Canada Post admits cannabis privacy breach involving 4,500 Ontario customers
By Colin PerkelGeneral Food & Beverage Government Canada Post cannabis cyber attack cyber security Ontario Cannabis STore Privacy breach
Information from Ontario Cannabis Store customers was improperly accessed, including postal codes and names or initials.
TORONTO—Canada Post publicly admitted to a privacy breach involving thousands of Ontario’s online cannabis customers on Wednesday after the province’s only outlet for legal recreational marijuana notified clients of the problem.
The postal service said someone had used its delivery-tracking tool to gain access to personal information of 4,500 customers of the Ontario Cannabis Store but declined to identify the data.
“Both organizations have been working closely together since that time to investigate and take immediate action,” Canada Post said in a statement. “As a result, important fixes have been put in place by both organizations to prevent any further unauthorized access to customer information.”
Canada Post notified the online cannabis store on Nov. 1 about the breach, both organizations said.
In a statement on Wednesday, the Ontario Cannabis Store said it referred the matter to the province’s privacy commissioner. The statement also said the store had “encouraged” Canada Post to take immediate action to notify its customers.
“To date, Canada Post has not taken action in this regard,” the store said. “Although Canada Post is making its own determination as to whether notification of customers is required in this instance, the OCS has notified all relevant customers.”
In response, a spokesman for Canada Post said it had explained to the cannabis outlet that it did not have contact information for the pot buyers.
According to the online store, the compromised information included postal codes and the names or initials of the person who accepted delivery of the marijuana.
Other data such as the name of the person who made the order—unless the same person signed for delivery—the actual delivery address or payment information were not affected, the statement said.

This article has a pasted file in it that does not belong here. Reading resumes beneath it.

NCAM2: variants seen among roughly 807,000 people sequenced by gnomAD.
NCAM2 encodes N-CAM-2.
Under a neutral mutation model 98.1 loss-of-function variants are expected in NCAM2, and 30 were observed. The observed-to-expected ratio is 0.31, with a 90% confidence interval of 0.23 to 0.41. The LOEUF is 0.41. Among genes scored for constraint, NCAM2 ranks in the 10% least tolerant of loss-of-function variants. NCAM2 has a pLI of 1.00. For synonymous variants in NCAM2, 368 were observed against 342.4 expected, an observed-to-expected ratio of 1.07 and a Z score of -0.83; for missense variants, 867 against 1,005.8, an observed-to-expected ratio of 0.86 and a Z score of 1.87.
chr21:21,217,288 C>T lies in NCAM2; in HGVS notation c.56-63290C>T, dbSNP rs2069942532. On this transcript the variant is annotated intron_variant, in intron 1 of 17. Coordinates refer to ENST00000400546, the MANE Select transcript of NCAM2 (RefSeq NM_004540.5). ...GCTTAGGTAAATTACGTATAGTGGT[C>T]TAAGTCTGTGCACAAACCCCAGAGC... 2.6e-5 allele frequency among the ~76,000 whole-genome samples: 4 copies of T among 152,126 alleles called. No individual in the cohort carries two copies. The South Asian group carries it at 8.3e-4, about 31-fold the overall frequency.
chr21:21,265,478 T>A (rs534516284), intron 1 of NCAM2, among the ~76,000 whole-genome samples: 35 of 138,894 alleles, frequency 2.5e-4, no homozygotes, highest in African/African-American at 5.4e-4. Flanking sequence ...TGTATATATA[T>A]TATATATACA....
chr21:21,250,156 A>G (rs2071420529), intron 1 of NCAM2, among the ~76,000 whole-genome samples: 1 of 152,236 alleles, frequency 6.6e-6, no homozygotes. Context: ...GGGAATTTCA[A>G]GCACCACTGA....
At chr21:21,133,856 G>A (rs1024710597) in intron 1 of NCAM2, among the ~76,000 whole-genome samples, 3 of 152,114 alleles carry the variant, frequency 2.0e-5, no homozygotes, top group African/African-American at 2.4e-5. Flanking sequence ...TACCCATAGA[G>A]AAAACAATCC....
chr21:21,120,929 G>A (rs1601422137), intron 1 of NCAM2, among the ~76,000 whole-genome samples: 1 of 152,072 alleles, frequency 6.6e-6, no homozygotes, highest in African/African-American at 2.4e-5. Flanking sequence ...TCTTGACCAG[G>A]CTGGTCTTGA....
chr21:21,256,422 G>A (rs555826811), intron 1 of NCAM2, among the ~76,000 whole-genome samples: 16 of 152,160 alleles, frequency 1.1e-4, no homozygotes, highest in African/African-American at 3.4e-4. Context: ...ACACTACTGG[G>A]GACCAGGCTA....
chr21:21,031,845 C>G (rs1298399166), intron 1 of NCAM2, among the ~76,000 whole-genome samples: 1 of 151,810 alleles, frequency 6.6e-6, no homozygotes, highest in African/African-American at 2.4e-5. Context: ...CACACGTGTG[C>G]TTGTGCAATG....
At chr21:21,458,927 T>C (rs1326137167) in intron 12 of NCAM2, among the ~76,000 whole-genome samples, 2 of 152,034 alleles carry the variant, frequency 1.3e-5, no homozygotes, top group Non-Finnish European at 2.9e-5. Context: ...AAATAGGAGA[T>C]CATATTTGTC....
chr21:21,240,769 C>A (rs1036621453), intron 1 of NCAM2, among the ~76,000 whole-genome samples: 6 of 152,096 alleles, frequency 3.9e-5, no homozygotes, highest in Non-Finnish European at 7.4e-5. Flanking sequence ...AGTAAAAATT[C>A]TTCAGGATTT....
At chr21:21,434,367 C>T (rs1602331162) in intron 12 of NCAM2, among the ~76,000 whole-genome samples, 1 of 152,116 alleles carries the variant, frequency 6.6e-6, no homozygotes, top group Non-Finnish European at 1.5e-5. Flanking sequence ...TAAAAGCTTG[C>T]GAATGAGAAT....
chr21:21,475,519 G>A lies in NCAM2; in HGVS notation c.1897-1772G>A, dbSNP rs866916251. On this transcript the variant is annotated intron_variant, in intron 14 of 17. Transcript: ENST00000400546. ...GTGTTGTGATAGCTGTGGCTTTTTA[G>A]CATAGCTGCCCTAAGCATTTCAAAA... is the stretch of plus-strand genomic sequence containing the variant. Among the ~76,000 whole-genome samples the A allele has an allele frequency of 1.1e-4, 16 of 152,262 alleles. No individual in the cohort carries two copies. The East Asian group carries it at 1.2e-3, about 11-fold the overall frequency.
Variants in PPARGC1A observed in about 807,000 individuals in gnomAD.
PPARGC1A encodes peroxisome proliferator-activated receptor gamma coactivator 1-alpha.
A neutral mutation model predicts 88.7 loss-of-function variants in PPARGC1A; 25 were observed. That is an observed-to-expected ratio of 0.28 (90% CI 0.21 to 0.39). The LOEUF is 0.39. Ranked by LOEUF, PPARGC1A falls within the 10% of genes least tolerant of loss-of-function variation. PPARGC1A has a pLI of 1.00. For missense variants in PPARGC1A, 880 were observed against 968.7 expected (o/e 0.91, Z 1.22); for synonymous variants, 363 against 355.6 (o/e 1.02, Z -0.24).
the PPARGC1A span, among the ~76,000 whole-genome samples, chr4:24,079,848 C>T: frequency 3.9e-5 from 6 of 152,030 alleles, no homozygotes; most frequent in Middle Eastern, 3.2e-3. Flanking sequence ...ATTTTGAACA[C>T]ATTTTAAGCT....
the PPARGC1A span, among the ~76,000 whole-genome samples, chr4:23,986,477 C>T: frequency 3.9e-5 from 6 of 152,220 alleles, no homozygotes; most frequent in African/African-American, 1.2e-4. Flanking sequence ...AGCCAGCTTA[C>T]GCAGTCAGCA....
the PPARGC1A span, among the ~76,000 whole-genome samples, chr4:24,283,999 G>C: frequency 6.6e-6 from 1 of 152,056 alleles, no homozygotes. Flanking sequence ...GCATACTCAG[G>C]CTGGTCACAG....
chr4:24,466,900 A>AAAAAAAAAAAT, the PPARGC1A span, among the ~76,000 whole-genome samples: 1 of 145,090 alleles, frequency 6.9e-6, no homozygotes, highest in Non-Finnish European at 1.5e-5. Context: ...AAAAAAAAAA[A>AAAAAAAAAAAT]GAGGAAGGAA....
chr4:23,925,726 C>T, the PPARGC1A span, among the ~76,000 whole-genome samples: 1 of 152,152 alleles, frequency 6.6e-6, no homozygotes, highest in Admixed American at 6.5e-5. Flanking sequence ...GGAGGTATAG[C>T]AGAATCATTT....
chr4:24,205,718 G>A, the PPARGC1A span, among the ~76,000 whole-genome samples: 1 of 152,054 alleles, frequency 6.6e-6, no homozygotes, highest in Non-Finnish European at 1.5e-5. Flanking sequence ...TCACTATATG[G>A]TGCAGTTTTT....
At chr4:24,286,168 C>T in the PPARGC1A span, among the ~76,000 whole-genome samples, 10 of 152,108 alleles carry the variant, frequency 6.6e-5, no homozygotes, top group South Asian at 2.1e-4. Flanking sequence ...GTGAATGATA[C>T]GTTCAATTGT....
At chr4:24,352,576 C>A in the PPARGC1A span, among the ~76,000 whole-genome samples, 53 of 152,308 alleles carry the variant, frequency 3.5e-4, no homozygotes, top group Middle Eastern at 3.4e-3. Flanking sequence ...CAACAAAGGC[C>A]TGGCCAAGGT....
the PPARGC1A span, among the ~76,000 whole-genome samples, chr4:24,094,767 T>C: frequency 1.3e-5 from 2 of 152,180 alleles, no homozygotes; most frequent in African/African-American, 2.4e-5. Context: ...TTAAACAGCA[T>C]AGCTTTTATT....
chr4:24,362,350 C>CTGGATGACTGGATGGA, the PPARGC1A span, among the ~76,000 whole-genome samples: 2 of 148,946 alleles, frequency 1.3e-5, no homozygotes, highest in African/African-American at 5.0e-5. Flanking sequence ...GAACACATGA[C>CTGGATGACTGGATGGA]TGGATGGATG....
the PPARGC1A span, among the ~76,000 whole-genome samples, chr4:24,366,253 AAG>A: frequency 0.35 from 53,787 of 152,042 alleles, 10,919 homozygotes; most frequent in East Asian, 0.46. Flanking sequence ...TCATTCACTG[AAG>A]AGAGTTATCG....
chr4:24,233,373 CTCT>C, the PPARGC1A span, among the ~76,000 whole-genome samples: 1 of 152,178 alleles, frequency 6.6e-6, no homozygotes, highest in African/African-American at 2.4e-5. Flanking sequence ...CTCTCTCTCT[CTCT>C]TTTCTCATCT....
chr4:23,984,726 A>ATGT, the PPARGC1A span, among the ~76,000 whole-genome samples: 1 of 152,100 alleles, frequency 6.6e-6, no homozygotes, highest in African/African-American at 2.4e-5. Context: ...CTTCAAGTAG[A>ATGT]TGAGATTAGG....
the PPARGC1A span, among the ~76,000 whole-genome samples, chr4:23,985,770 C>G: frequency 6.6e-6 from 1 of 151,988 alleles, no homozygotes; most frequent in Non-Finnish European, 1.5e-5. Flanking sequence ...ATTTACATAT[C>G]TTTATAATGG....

Ontario’s privacy commissioner, Brian Beamish, called the breach “unfortunate” but said it appeared the risk to customer data was limited. Beamish praised the cannabis store for notifying people about the breach and going public.
“That level of transparency is good,” Beamish said in an interview.
Given the vulnerability occurred through Canada Post, Beamish said any further privacy action rested with the federal commissioner, who said through a spokeswoman that his office had been in contact with its provincial counterpart.
“We are also engaging with Canada Post to better understand what occurred and what is being done to mitigate the situation,” spokeswoman Tobi Cohen said.
In answer to an Opposition question Wednesday, Prime Minister Justin Trudeau told the House of Commons the breach was flagged and fixed and would not be repeated.
While marijuana ordered through the Ontario Cannabis Store is legal, privacy concerns are especially acute given the hard line taken by American authorities, who have made it clear Canadians who admit to even historical pot use could be refused entry or deemed inadmissible for life.
“I wouldn’t say I am worried (about this breach) but I am concerned any time my personal information is hacked,” said one customer, who received the email from the cannabis store. “I would prefer you not use my name only because I might like to continue to be admissible to U.S.A.”
According to the store, someone used Canada Post’s tracking tool to access delivery data, and the vulnerability also potentially affected customers of other postal clients.
“The OCS has worked closely with Canada Post to identify the cause of this issue and to prevent any further unauthorized access to customer delivery information,” the store said.
Canada Post said it was confident the individual who accessed the information only shared it with Canada Post and deleted it without distributing further.